My favorite activity in school, which I still do today, is distance running. From my soccer playing, it was not a hard transition. But there is a story behind this. Until high school, I had been a middle school cheerleader -Although soccer in the Spring was my real passion. But the high school cheerleaders had to go to a summer 1 week camp. My parents gave me a choice: 1 week in Florida at Daytona Beach or 1 week cheerleading camp but not both. Actually, that was one of the easiest choices I ever had to make and it was Florida sunshine ALL THE WAY! And where does running fit into this? Simple. Since I was no longer in the “rah rah club” (Aka cheerleading team), I joined the Cross Country Running Team and have never looked back since. And today, I still run in 5K road races although with Baby Patrick, not as much as I used to. (Patrick is not my “baby” any more -He just had his 1st birthday recently!)

School and Bullies

While going through school, I did witness bullies whom I generally despise. Girl bullies were never a problem for me because the few times another girl tried anything with me, I was IN THEIR FACE -Which is a trait I probably inherited from my mom, who was never a push-over to anyone. That is the way I am but seeing others being intimidated and picked on by school bullies made me see red.

So, I adopted a personal policy of mine which worked thus: If I saw anyone anywhere picking on someone else, I TOLD them to stop. And if they did not, I tattled. Some of my friends tried to dissuade me from doing so but I was firm -No bullying. And I did not associate with known bullies in school OR their so-called social network. Doing all this cost me a few “friends” but in the longer term, I gained the respect of most of my classmates and teachers. I did get the nickname Ms. Junior Teacher but looking back, I’m glad I did what I did.

The reason I placed this in my RECOLLECTIONS is because I believe schools have NO place for bullies. The antis call TWP “bullies” but they are the real bullies. A question to the antis: What would you have done about the poor girl and bully-victim who committed suicide in Massachusetts, an anti- c.p. playground? Probably nothing. And the reason is that most anti- c.p. zealots just do not care.

Well, I care. And the others at TWP care.

And one thing is for certain: No child under our care has to worry about bullies. Because we do more than just “talk to” when it comes to school bullies.

And its working!

Special Talents

Guess what Renee and I have in common besides being teachers?

Give up?

Our college’s marching band. But while Renee did her thing in the color guard of the University of Georgia Redcoat Marching Band, I actually played an instrument during my four years at Auburn University. While I will NOT say what musical instrument I played, I know that I appeared numerous times on t.v. during halftime shows.

Another knack that I developed from my childhood was singing -Both church choir and solo. This is something that I have tried to teach as a 5th grade teacher with mixed results. But I managed to talk our principal into letting me set up a school choir club. While this choir will never be mixed up with the Mormon Tabernacle Choir -If you could only hear them sing their hearts out. The songs are secular of course (Thanks to you, A.C.L.U.!) but I still believe the kids get something out of it.

College Days

As I recounted above, I was in the Auburn University Marching Band during my four years of undergraduate study. I started out as a Music major but saw that opportunities in the field of music performance were rather narrow and limited. It was in my 2nd semester that mom suggested that I look into teaching as a career option. I then recalled how I “babysat” little kids while their moms changed and tried on new dresses. I did seem to have a knack with younger children who just “clicked” with me. I can still recall some kids eyeballing me and later asking their moms on the way out the door, ” Who is she, mommy?..A babysitter?”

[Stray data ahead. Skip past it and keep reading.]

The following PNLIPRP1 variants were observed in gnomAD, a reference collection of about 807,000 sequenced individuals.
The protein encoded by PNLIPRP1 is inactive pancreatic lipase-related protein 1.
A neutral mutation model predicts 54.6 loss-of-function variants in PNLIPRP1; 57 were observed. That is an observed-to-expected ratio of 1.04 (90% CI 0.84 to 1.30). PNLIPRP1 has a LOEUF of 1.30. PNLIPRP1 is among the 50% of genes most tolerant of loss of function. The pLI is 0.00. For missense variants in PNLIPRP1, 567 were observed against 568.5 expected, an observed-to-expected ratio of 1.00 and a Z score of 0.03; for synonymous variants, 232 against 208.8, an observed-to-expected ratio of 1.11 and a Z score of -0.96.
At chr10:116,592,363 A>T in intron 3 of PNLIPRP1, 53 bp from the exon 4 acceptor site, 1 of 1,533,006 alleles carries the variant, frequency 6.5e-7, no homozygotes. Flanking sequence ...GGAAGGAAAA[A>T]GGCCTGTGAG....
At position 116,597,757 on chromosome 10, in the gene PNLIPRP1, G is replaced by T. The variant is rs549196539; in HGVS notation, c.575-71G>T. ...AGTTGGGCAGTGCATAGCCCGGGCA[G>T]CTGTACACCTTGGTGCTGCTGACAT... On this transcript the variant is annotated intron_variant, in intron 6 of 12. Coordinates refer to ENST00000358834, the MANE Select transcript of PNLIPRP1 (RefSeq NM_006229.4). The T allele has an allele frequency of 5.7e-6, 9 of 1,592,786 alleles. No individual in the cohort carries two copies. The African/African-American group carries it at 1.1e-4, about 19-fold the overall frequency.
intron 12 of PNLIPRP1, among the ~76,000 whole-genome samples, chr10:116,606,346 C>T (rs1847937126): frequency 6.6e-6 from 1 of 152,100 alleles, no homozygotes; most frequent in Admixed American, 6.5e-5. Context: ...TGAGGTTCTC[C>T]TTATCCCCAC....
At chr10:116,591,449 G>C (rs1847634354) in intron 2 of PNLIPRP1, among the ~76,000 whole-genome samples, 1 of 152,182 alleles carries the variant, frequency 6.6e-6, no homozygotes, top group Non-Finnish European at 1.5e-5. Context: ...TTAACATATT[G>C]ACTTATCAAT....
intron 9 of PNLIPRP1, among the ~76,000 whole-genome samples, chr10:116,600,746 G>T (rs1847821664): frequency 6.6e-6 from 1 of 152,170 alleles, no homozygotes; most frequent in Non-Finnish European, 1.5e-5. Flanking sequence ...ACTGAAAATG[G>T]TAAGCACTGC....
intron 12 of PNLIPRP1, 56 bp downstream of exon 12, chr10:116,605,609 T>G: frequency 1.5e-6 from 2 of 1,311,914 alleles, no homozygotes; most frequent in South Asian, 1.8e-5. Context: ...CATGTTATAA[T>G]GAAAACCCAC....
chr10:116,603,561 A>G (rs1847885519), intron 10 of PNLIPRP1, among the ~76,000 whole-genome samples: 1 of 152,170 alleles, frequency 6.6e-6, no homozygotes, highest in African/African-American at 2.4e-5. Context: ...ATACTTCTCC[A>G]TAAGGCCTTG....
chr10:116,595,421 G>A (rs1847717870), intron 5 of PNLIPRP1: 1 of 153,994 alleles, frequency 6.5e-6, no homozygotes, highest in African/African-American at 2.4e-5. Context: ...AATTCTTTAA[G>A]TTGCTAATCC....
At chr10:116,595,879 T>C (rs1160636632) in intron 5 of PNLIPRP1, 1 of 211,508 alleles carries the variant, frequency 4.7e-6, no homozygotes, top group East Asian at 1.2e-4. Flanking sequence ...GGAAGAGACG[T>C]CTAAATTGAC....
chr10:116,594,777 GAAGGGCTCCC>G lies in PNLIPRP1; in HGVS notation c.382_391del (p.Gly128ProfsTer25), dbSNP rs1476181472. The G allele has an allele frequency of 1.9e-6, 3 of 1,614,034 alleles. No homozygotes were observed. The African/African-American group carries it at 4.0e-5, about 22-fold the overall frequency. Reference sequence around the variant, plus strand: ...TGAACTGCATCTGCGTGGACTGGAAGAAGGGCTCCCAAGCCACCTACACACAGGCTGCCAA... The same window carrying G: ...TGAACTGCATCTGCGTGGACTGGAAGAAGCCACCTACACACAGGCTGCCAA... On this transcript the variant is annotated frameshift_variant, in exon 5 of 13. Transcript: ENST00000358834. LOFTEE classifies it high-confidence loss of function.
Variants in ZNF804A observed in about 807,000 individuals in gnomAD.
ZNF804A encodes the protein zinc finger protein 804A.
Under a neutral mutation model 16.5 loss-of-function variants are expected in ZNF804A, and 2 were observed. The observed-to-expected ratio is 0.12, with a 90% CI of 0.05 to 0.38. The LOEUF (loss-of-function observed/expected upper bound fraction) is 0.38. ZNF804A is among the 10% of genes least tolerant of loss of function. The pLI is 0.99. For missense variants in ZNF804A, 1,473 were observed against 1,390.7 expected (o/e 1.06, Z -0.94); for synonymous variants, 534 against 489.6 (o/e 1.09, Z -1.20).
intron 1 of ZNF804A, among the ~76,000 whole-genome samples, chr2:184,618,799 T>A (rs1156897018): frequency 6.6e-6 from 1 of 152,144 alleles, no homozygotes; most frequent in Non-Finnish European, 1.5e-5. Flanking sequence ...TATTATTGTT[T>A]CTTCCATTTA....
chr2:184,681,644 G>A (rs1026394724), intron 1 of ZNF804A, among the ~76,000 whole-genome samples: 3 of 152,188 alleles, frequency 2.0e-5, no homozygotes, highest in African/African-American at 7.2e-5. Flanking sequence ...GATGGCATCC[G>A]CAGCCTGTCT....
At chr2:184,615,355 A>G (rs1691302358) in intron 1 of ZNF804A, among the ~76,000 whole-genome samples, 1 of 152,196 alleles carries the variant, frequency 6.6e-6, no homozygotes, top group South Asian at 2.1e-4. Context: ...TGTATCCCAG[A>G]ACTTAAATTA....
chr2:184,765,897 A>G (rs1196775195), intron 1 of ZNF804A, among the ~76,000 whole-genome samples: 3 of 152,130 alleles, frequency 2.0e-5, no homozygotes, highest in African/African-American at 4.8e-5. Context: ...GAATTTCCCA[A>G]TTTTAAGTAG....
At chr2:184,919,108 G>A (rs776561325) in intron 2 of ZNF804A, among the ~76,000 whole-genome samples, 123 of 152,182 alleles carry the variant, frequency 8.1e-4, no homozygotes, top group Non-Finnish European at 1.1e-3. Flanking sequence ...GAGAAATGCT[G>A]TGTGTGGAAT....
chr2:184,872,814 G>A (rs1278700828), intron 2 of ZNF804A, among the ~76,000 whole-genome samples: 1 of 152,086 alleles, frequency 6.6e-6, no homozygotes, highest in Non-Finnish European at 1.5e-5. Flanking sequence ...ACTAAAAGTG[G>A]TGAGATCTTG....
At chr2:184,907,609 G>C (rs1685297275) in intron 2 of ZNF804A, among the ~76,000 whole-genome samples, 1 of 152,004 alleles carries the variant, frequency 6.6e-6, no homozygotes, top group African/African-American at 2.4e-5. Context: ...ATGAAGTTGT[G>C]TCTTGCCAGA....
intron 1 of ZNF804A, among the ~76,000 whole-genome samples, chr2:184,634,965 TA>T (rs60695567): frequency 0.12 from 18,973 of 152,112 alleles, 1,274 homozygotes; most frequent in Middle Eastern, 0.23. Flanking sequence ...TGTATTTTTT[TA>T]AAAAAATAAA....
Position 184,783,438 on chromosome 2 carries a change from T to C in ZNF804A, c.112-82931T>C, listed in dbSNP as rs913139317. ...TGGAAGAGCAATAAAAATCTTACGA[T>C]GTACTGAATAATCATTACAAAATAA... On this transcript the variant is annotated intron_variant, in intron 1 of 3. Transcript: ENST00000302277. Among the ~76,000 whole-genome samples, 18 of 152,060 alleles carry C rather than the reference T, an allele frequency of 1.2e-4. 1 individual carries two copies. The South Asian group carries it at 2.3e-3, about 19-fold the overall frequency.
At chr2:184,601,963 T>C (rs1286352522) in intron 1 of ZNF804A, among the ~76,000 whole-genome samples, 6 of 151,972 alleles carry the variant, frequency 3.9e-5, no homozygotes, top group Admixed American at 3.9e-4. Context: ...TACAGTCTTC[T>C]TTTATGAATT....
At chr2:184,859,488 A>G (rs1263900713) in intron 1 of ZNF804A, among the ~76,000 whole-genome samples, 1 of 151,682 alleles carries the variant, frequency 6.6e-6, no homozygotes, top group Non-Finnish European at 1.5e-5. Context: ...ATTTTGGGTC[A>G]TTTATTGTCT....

Well, as all you readers know, being a teacher is not like being a babysitter (Regardless of what Paula Flowe thinks) and that a formal program of training is required. Like Michelle, I was discouraged from being a high school music teacher because “The boys at that age will NOT take you seriously.” So, by default, I became an Elementary Education major with a minor in music.

Finally, what you readers are looking for: My chance encounter with TWP’s Jenny, who was Rush Recruitment Chairwoman of the Deltas, her sorority. There really isn’t much to say except that a number of sororities had little ol’ me listed as a “hot prospect”. Talent? Looks? Who knows? (Giggle)

But Sorority Rush involved seeing nearly 30 houses (Big ones, too!) and I was coy about who I’d join. Eventually, I settled on the Sigmas, who were just a few houses down from Jenny’s Deltas. To say Jenny put on the “hard sell” would be putting it mildly. Jenny and a few of her sorority sisters actually cornered me and a few of my friends. But I put her off and soon after, accepted an invitation to pledge the Sigmas where some older girls from my hometown were members.

Payback is a b**** and Jenny did nearly run over me in intramural basketball but hey -I can shoot 3s better than she can! Of course, today we are best of friends -Especially dealing with an ex- Alabama Crimson Tide Cheerleader named Michelle!

(Wendy: I would like to set up a one-on-one with you at any basketball court of your choosing…Something about shooting 3s… -Jenny)


Classroom Outside the Classroom

Those who think that all classroom teachers do is stand in front of the class and lecture are greatly mistaken. There is more that goes on in a typical school day than just academics. School assemblies create new challenges that are NOT mentioned in those Teacher Education textbooks. And to think about what I paid for those books -All new ones too! Why? Because the courses required the LATEST edition -That’s why!

The first assembly during my student teaching seemed easy enough. I knew where the class was to be seated in the auditorium and everything went smoothly. From a distance, I carefully watched my class for any fooling around but everything went as planned. When the class got back to the room, we went directly into the next lesson -English Literature.

I was getting into the lesson when Brenda, who didn’t normally do so, waved me over to say, “I think you need to re-check the attendance book!” In my eagerness to go to the next lesson plan, I didn’t take note of an empty desk in back. The culprit had slipped into the boy’s room on the way back to the classroom from assembly. The young boy would sit out a few recesses for not telling anyone but I warned him that a repeat of that would merit a trip to the office.

And I learned a valuable lesson as well: Expect the unexpected -Especially when taking a class outside their classroom!